Summer is here and many people realize how fresh their portals are when they return home. This thermal difference becomes even more apparent during a heat wave, making it almost impossible to sleep there. Although each portal is unique, this phenomenon has some commonalities.
The portal is often a darkened place. It is often located on the ground floor and has many elements that provide shade. Arcades, overhangs that protect against the rain or terraces on the upper floors are just a few examples. These elements reduce the risk of solar radiation which can lower the temperature.
These spaces could also have shade-producing elements outside the building, such as trees or street furniture. These distant obstacles can help lower the temperature of these spaces in summer without shading the upper part of the buildings.
Other spaces or elements may be in direct contact with the main entry of the building. If there is no basement, the land is an example. It is generally more stable throughout the year. Non-habitable properties include storage rooms, meter room, boiler rooms and garages. There may also be commercial stores that condition premises during business hours. They all help to temper it.
We don't refrigerate our air during the day because we aren't usually home. We leave the windows wide open so that the outside air can escape. It causes the temperature to soar.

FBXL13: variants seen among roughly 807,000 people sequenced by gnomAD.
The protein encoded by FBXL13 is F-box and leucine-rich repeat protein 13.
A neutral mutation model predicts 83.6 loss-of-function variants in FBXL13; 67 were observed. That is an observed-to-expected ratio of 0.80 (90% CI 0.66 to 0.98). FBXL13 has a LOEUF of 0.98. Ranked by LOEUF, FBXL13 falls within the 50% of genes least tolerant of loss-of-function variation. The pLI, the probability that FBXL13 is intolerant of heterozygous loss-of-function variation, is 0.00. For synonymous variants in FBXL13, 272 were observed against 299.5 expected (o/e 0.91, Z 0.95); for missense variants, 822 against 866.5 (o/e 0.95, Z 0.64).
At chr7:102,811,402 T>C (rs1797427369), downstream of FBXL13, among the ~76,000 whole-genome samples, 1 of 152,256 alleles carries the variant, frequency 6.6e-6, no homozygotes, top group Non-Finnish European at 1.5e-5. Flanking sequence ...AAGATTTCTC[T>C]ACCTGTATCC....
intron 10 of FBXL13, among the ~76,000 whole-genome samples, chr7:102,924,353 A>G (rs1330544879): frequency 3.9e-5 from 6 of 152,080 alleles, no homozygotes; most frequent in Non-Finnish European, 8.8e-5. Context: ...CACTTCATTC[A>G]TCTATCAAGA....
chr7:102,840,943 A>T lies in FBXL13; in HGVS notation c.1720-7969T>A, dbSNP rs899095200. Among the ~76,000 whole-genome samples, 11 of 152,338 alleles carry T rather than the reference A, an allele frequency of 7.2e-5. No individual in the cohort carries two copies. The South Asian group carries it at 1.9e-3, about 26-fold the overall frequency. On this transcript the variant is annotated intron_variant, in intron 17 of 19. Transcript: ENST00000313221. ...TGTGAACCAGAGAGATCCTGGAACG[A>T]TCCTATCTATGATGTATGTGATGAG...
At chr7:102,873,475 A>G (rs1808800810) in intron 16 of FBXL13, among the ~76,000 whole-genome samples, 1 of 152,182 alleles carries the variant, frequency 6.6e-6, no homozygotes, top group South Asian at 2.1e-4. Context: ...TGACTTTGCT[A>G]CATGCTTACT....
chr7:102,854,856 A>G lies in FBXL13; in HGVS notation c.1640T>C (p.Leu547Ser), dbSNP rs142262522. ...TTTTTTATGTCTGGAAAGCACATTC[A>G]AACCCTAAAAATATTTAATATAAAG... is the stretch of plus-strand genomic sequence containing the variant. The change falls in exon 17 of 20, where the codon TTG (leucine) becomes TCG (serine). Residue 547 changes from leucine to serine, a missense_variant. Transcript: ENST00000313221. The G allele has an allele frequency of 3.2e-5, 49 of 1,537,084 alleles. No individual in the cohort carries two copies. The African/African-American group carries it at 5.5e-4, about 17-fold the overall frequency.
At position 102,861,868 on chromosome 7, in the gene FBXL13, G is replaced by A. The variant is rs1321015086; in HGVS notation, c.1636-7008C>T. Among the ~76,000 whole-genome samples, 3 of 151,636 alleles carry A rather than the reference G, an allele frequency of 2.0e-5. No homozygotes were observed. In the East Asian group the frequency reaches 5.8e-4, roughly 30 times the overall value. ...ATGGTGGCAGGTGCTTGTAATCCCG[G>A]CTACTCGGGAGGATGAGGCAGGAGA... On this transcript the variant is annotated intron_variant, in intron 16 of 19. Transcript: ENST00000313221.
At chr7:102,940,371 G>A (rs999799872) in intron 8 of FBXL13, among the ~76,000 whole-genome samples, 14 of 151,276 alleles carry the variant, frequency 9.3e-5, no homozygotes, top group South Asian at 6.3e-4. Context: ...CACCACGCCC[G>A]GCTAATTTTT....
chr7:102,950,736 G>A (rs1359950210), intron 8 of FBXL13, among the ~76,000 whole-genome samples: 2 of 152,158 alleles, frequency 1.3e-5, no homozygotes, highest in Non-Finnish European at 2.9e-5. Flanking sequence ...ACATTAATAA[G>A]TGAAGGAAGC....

The entrances to buildings are often covered in noble materials. This is a common decoration that uses stone or ceramic materials such as tiles and marble. This can also reduce the temperature at the entrance of the building and keep it cooler.
The chimney effect, which is caused by stairwells, also has an impact on the temperature of these areas.
Hot air is lighter than cold and escapes through the staircase, reaching higher floors. Stratification is the result of heat accumulation in the upper layers of air. This air will rise if it is not contained. The main entrance or other entrances allow fresh air to enter, replacing warm air and keeping it cooler for longer.
These spaces don't radiate heat from the sun by not being in direct contact with them for prolonged periods of time.
Heat transfer occurs from one residence to the next. Older houses are often not well insulated. They are often better insulated against uninhabitable areas. This means that coolness from the building access doesn't easily pass through the dwellings.
Other complex effects, whether they are anthropogenic or natural, include extreme weather events (heatwaves) and the urban heat island effect. These tend to increase thermal differences between different spaces.
Access spaces for residential buildings (portals and hallways) have a number of features that make them cooler than the rest.
They could be used as climate shelters. People who are vulnerable to heat could use many of these accesses. They would be particularly useful during heat waves or at central times of day.
People with heat stress and fatigue can take a break or rest for a few moments to relieve their symptoms. The portals could be used to give them more life. These access spaces, which were once meeting places for neighborhood social gatherings and community meetings, are now treated with individualism, social mobility, and the same care as non-places in residential buildings.
This new function could help public health by transforming access spaces into cool rooms. Cool rooms are so necessary during periods of heat suffocating.
This article was published in "The Conversation".